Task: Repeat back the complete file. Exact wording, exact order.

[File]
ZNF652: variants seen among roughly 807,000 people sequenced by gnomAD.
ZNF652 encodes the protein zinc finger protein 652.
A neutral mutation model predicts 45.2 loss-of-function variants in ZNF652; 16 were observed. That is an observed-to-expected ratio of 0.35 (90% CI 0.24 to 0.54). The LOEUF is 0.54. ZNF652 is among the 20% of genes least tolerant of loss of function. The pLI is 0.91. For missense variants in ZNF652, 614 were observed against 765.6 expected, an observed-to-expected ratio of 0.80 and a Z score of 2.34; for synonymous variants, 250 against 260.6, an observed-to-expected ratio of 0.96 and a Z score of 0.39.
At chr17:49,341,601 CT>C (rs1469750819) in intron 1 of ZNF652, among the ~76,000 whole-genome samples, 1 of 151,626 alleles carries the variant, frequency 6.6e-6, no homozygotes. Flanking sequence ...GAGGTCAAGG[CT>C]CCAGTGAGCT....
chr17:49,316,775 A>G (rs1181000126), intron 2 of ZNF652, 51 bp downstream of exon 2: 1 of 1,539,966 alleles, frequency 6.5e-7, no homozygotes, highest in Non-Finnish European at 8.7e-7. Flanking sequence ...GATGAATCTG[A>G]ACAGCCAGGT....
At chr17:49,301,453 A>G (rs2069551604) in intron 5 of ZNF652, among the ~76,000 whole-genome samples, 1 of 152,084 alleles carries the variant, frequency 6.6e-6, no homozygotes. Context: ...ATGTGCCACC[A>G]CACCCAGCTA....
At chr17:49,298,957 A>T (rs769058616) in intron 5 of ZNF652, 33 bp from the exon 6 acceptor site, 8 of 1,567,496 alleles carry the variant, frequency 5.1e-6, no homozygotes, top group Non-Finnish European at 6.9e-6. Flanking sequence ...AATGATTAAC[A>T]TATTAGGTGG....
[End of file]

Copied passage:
ZNF652: variants seen among roughly 807,000 people sequenced by gnomAD.
ZNF652 encodes the protein zinc finger protein 652.
A neutral mutation model predicts 45.2 loss-of-function variants in ZNF652; 16 were observed. That is an observed-to-expected ratio of 0.35 (90% CI 0.24 to 0.54). The LOEUF is 0.54. ZNF652 is among the 20% of genes least tolerant of loss of function. The pLI is 0.91. For missense variants in ZNF652, 614 were observed against 765.6 expected, an observed-to-expected ratio of 0.80 and a Z score of 2.34; for synonymous variants, 250 against 260.6, an observed-to-expected ratio of 0.96 and a Z score of 0.39.
At chr17:49,341,601 CT>C (rs1469750819) in intron 1 of ZNF652, among the ~76,000 whole-genome samples, 1 of 151,626 alleles carries the variant, frequency 6.6e-6, no homozygotes. Flanking sequence ...GAGGTCAAGG[CT>C]CCAGTGAGCT....
chr17:49,316,775 A>G (rs1181000126), intron 2 of ZNF652, 51 bp downstream of exon 2: 1 of 1,539,966 alleles, frequency 6.5e-7, no homozygotes, highest in Non-Finnish European at 8.7e-7. Flanking sequence ...GATGAATCTG[A>G]ACAGCCAGGT....
At chr17:49,301,453 A>G (rs2069551604) in intron 5 of ZNF652, among the ~76,000 whole-genome samples, 1 of 152,084 alleles carries the variant, frequency 6.6e-6, no homozygotes. Context: ...ATGTGCCACC[A>G]CACCCAGCTA....
At chr17:49,298,957 A>T (rs769058616) in intron 5 of ZNF652, 33 bp from the exon 6 acceptor site, 8 of 1,567,496 alleles carry the variant, frequency 5.1e-6, no homozygotes, top group Non-Finnish European at 6.9e-6. Flanking sequence ...AATGATTAAC[A>T]TATTAGGTGG....